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The Invention of Simultaneous Bracketing

By Mike Pasini, Editor
Imaging Resource Newsletter


"Why didn't I think of that?" we can hear you groaning. An echo of our own anguish as we read about Shree Nayar's proposal to enhance the dynamic range of your garden variety 8-bit CCD.

We all know perfectly well that a CCD is just a collection of sensors that are sensitive to brightness. The only way a CCD sensor can see color is to have a red, green, or blue filter slapped in front of its nose. By putting a matrix of filters over the CCD in our cameras -- in a regular pattern of two greens for every red and blue, usually -- our digicams can capture color, recording the blue while guessing at the missing red and green values from the adjacent sensors. Interpolating, that is.

Well, Nayar suggests, "Why not interpolate brightness itself?"

"Nayar suggests, 'Why not interpolate brightness itself?'"

It's actually more than a suggestion. The New York Times (http://www.nytimes.com/) published a brief article on Nayar's research in the Sept. 7 issue of Circuits. But Nayar's article describing the trick is available as a PDF on the Web at http://www.cs.columbia.edu/~srinivas/sve_cvpr_00.pdf (and it includes fascinating color image samples).

Nayar is a professor of computer science at Columbia University (which is why he succumbs to calling this Spatially Varying Pixel exposures), but he drinks Mountain Dew just like the rest of us.

So he isn't smoking anything when he says he can take an 8-bit sensor that can register 256 levels of brightness and turn it into a 12-bit behemoth that can detect 4,096 levels. And he can do it for a song, too.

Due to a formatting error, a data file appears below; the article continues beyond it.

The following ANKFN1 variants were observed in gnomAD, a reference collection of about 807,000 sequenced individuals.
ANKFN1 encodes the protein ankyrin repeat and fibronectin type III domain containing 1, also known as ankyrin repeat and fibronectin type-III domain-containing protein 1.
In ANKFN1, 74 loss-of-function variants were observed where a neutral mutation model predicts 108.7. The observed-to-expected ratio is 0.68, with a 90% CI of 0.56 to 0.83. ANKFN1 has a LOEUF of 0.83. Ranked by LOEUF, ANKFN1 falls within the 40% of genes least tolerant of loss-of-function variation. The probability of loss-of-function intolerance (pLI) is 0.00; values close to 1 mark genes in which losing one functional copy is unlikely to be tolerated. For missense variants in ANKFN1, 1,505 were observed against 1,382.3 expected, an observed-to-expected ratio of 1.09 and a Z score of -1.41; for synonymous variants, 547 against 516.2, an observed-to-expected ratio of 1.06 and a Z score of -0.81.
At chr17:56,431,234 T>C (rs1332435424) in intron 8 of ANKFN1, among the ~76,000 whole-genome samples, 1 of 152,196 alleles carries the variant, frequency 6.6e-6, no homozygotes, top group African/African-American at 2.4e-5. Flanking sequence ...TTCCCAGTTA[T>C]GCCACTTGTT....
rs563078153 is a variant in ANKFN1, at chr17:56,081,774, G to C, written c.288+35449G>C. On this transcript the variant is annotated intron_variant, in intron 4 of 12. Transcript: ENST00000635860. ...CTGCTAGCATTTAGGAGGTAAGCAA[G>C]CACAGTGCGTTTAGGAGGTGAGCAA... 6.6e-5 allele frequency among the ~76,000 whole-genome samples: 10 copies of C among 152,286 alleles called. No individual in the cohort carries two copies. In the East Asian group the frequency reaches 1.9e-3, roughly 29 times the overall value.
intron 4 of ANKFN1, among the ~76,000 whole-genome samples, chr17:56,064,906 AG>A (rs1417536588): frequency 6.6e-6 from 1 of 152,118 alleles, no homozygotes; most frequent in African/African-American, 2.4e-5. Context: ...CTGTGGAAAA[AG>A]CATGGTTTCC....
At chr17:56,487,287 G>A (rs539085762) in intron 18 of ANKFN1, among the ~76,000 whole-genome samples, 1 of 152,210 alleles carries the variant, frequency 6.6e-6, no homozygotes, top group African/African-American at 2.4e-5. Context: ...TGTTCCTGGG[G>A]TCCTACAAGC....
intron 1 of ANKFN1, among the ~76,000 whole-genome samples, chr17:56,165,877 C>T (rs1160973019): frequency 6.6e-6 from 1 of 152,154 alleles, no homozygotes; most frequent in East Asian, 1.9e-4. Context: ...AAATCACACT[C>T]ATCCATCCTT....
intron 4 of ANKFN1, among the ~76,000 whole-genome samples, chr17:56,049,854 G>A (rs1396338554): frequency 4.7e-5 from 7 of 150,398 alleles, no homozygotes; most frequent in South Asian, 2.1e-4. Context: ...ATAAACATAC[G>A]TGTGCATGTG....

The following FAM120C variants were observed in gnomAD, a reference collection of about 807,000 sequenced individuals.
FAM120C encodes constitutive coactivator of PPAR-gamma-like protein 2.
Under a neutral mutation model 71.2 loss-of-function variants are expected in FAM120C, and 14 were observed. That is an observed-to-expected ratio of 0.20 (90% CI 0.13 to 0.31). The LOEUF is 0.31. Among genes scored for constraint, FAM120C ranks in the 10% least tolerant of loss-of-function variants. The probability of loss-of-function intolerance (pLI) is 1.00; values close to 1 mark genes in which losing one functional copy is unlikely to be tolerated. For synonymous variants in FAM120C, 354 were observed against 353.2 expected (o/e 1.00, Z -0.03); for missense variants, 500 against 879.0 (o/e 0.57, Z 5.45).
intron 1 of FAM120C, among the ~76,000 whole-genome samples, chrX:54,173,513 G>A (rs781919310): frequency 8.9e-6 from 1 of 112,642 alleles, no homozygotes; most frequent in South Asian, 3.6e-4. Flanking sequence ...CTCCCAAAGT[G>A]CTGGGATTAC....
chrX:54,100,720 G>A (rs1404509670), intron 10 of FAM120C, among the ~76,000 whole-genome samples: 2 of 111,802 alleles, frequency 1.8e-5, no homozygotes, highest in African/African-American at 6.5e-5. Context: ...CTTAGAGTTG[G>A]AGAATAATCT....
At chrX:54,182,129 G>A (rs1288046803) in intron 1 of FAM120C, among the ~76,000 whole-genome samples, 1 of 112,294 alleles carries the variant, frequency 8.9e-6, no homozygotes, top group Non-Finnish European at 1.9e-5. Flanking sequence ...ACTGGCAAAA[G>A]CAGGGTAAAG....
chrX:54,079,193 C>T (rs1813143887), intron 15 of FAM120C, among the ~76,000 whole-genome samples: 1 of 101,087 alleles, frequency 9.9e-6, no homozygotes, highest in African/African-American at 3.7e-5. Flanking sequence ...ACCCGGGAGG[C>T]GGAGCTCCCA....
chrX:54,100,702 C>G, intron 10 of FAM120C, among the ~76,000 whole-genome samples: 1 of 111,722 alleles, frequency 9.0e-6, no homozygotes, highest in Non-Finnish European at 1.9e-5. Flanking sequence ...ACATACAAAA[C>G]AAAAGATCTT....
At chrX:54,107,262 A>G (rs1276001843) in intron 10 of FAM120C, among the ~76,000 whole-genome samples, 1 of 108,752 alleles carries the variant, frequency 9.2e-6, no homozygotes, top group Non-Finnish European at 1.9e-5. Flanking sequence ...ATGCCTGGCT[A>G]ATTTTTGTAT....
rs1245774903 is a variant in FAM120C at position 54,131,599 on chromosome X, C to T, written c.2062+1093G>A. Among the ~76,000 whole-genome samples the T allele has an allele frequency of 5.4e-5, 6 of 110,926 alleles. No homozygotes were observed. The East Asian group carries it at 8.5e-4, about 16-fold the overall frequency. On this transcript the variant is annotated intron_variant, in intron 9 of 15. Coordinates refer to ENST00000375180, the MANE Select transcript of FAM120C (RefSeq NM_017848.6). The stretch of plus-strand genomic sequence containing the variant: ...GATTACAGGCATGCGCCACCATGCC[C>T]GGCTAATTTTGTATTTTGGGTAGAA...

By simply doing what you do when you bracket exposures. Except the bracketing is in adjacent sensors, not the whole CCD, so it can happen simultaneously. It's done with masks, in fact, just like color filters.

 

So if one sensor is registering full-blown white, an adjacent masked sensor may pick up some detail (as if you'd intentionally underexposed). Likewise, if one masked sensor can't pick up any light, an adjacent one might (as if you'd overexposed). You pick up more of reality.

Of course a lot of magic happens in software, behind the scenes (or CCD), so to speak. And a little resolution is lost along the way, but only in highlights that would be blown out anyway or shadows that would otherwise suffer artifacts.

Take a look at the sample images (OK, it's Vitamin C.C. Lemon, not Mountain Dew) and see for yourself. You can see the mask there, too.

We were particularly impressed by the indoor/outdoor scene that captured full daylight and a shadowy interior equally well by interpolating the SVE image (which looks to us like anything you might see through a screen door).

Nayar describes three ways the SVE mask might be deployed (one of which even works for film cameras) but since it also depends on software to interpolate the screen door mask's results, we think it will only see the light in cameras yet to be built. Which makes it yet another reason to procrastinate.

 

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